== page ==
Essays and Criticism
Overview of Brideshead Revisited
Evelyn Waugh was widely known to be a conservative man, a man who felt more comfortable with the warm burnish of tradition than with the bright shine of the modern. Most of his novels written before 1942 are considered masterworks of satire. So the critics' nearly unanimous howl in 1945 upon the publication of Brideshead Revisited—a collective complaint that Waugh had lost his spark and had gone soft—should not come as a surprise. The novel was condemned as a romance, even a fantasy, and the knock against Waugh became that he had done his best work before World War II.
But after getting over the expectation that every scene should poke fun at something or someone (while still experiencing the occasional pleasure of Waugh's wit in Brideshead Revisited), readers familiar with Waugh's earlier satires need only look to Waugh's life for an explanation of the change in his writing. Even a brief examination of Waugh's background makes clear that many of the elements in Brideshead Revisited are taken from his own experiences. Waugh's partiality to traditional institutions and patterns shines through the novel's protagonist, Charles Ryder. Charles is a lover of old buildings, ancient cemeteries, and old wine; he dislikes new styles, be they displayed in a piece of jewelry or through the interior designs of a ship, and he feels that young people are not as attached to their history as they should be. From that common ground, Charles's story...
(The entire section is 1901 words.)
Brideshead Revisited and the Modern Historicization of Memory
In a 1969 article, "The Uses of History in Fiction," based on a panel discussion at a meeting of the Southern Historical Association, C. Van Woodward notes that, "Over the last two centuries, novels have become increasingly saturated with history, and novelists have been becoming ever more deeply historically conscious. In a sense, all novels are historical novels. They all seek to understand, to describe, to recapture the past, however remote, however recent." Woodward and the other participants in this discussion go on to talk about the relations between storytelling and historiography, examining how both reflect a growing historical consciousness in western society, and how they serve to satisfy a desire for historical understanding. Evelyn Waugh's Brideshead Revisited offers an example of this mutual interrelation between fiction and history, demonstrating how both support each other in accomplishing a very specific and, as critics have seen it, politically charged task; namely, the preservation and fictional reconstitution of an aristocratic Catholic heritage in England.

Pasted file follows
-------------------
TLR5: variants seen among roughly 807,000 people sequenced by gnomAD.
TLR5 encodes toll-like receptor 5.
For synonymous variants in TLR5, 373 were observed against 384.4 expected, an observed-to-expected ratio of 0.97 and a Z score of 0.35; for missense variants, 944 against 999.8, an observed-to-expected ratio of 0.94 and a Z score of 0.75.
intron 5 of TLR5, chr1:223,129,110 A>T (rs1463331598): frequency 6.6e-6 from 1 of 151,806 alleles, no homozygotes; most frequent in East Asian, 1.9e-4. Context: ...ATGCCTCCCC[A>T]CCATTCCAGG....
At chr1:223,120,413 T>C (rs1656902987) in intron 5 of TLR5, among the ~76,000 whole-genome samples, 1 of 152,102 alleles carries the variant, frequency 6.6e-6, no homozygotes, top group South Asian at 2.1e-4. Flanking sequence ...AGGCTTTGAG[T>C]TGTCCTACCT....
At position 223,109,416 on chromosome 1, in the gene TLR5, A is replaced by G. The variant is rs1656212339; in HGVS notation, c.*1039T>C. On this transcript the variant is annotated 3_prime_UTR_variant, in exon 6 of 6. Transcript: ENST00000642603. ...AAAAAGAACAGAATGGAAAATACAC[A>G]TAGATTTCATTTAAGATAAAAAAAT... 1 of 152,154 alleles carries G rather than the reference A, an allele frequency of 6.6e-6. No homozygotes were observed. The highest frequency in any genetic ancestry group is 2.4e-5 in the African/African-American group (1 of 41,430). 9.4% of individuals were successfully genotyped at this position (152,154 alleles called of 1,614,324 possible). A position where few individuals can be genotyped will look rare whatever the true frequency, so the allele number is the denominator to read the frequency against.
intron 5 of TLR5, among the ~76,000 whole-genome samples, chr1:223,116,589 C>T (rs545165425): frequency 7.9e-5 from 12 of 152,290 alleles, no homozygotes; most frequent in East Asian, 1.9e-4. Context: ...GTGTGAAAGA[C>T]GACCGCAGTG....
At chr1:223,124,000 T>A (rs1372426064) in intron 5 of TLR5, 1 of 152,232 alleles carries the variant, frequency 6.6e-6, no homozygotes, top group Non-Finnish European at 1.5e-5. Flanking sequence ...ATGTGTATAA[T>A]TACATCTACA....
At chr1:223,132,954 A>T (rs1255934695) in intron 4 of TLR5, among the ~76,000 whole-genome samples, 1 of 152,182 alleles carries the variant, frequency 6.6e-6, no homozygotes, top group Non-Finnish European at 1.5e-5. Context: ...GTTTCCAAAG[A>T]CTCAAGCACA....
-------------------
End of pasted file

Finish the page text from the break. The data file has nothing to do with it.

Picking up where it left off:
Though purely religious and spiritual considerations tend to elide this implicit purpose behind the novel, the task of this essay will be to explicate the ways in which Brideshead is preoccupied with the issue of preserving Catholic identity and Catholic memory. More specifically, it will discuss how the novel is about the decline of a family tradition of memory and the...
(The entire section is 5733 words.)